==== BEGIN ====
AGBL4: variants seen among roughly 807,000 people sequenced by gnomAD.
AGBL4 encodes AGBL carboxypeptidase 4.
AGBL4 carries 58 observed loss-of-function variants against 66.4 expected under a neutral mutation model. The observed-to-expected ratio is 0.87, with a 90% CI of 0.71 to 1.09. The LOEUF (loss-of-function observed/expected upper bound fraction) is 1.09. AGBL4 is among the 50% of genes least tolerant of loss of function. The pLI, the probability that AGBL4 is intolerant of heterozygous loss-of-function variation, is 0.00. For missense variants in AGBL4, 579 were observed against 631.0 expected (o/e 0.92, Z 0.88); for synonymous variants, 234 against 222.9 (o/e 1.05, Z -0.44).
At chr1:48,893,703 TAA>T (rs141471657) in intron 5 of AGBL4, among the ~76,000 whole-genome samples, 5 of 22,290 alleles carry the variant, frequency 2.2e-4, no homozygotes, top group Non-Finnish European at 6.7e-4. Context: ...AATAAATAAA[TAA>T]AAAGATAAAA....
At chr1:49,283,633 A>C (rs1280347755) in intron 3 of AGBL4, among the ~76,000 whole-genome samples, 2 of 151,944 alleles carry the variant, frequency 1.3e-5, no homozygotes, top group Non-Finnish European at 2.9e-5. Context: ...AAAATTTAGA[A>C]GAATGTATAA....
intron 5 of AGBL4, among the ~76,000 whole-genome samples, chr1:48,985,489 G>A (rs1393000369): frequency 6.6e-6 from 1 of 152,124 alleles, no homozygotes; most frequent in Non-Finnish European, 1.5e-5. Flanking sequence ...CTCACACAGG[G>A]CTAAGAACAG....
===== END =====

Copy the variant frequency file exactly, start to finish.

AGBL4: variants seen among roughly 807,000 people sequenced by gnomAD.
AGBL4 encodes AGBL carboxypeptidase 4.
AGBL4 carries 58 observed loss-of-function variants against 66.4 expected under a neutral mutation model. The observed-to-expected ratio is 0.87, with a 90% CI of 0.71 to 1.09. The LOEUF (loss-of-function observed/expected upper bound fraction) is 1.09. AGBL4 is among the 50% of genes least tolerant of loss of function. The pLI, the probability that AGBL4 is intolerant of heterozygous loss-of-function variation, is 0.00. For missense variants in AGBL4, 579 were observed against 631.0 expected (o/e 0.92, Z 0.88); for synonymous variants, 234 against 222.9 (o/e 1.05, Z -0.44).
At chr1:48,893,703 TAA>T (rs141471657) in intron 5 of AGBL4, among the ~76,000 whole-genome samples, 5 of 22,290 alleles carry the variant, frequency 2.2e-4, no homozygotes, top group Non-Finnish European at 6.7e-4. Context: ...AATAAATAAA[TAA>T]AAAGATAAAA....
At chr1:49,283,633 A>C (rs1280347755) in intron 3 of AGBL4, among the ~76,000 whole-genome samples, 2 of 151,944 alleles carry the variant, frequency 1.3e-5, no homozygotes, top group Non-Finnish European at 2.9e-5. Context: ...AAAATTTAGA[A>C]GAATGTATAA....
intron 5 of AGBL4, among the ~76,000 whole-genome samples, chr1:48,985,489 G>A (rs1393000369): frequency 6.6e-6 from 1 of 152,124 alleles, no homozygotes; most frequent in Non-Finnish European, 1.5e-5. Flanking sequence ...CTCACACAGG[G>A]CTAAGAACAG....